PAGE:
Getting it "in"//keeping it going

Holman Holman
Tue Jan 7 11:47:00 PST 1997

On Introducing It

As an internal consultant, I'd say serandipity also plays a significant
role in bringing OS in.  A group needs to be ready.  This seems to
translate into "things are awful as they are; I don't know what to do;
HELP!"  They also need to trust the person making the suggestion.  It is
a leap of faith to the uninitiated, so agreeing to proceed seems to have
more to do with relationships than anything else.

It took about 6 months of planting seeds before someone at U S WEST
"bit."  I've been at Weyerhaeuser for 18 months and although the concept
is intriguing to many of my colleagues in Total Quality and Organization
Development, there hasn't yet been a situtation where a customer group
has felt the need to try something that seems so radical to them.

I think the most critical factor in introducing OS is the relationship
between the change agent and the personwho has the need.  If trust
exists, then the likelihood is higher they'll give OS a try.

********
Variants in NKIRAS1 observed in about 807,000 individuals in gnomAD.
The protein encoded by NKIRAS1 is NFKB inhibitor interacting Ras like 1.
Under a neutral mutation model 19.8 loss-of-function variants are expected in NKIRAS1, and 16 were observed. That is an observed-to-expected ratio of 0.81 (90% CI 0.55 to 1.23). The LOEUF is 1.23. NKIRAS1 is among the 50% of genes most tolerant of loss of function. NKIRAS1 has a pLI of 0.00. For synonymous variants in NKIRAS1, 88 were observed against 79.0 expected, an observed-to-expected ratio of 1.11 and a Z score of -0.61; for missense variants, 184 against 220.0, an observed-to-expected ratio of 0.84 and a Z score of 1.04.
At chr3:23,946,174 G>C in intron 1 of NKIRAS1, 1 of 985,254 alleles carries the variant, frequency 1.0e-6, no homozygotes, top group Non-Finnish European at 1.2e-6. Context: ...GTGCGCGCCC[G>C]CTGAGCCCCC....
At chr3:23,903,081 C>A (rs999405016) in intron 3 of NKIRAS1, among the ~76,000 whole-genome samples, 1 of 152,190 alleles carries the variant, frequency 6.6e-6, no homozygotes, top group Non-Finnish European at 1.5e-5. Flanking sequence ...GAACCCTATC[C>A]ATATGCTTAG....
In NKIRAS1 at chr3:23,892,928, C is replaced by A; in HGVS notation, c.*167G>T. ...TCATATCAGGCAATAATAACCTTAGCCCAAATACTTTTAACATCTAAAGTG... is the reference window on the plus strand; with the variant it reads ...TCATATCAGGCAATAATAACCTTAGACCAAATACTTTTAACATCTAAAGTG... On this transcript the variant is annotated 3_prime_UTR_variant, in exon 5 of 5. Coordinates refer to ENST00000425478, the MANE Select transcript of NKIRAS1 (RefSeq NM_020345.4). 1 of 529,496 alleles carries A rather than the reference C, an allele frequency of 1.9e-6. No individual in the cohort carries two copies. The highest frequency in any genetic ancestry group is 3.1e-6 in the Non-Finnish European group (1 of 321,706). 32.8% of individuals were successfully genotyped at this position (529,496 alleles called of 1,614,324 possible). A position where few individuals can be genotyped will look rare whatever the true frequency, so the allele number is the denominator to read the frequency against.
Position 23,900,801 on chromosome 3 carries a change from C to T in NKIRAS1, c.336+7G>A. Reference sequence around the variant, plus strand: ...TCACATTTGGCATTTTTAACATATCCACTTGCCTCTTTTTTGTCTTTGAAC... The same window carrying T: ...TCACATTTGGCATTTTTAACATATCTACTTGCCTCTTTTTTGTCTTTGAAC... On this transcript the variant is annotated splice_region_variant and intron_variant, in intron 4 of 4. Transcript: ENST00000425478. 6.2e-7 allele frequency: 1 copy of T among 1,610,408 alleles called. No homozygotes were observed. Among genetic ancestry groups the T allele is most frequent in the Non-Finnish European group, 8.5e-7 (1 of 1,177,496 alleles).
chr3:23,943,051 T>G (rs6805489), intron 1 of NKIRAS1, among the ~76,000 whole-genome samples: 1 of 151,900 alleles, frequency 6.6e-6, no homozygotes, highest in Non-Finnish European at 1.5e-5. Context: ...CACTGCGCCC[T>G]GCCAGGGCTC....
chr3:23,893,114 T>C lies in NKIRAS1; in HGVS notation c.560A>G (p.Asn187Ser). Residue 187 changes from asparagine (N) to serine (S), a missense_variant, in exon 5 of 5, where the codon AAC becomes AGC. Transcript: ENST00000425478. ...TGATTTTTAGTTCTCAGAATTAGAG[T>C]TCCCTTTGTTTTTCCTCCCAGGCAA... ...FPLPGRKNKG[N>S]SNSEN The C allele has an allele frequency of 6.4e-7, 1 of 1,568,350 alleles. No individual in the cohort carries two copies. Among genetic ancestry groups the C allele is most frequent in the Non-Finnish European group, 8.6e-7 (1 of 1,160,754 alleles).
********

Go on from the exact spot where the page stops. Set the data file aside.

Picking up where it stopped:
From: Larry Peterson
To: Multiple recipients of list OSLIST
Subject: Getting it "in"//keeping it going
Date: Thursday, January 02, 1997 12:46PM

Two good questions Peggy. Maybe as an internal, getting it in is fairly
easy. For an external, it means "serindipity". Somebody has to
it, hear about it or be ready themselves in order to make the leap. I
had more opportunities come from people who experience it and are
or have heard about it from a friend -- than by any other means. We'll
what Billie and Barbara's book does in generating more interest.

Keeping it going depends on a number of conditions being present, both
within and without the organization. The willingness of leadership to
is critical. I'm writing the Bank of Montreal story and it is surprsing
many factors have come together to fost the substantial impact that Open
Space appears to have had.

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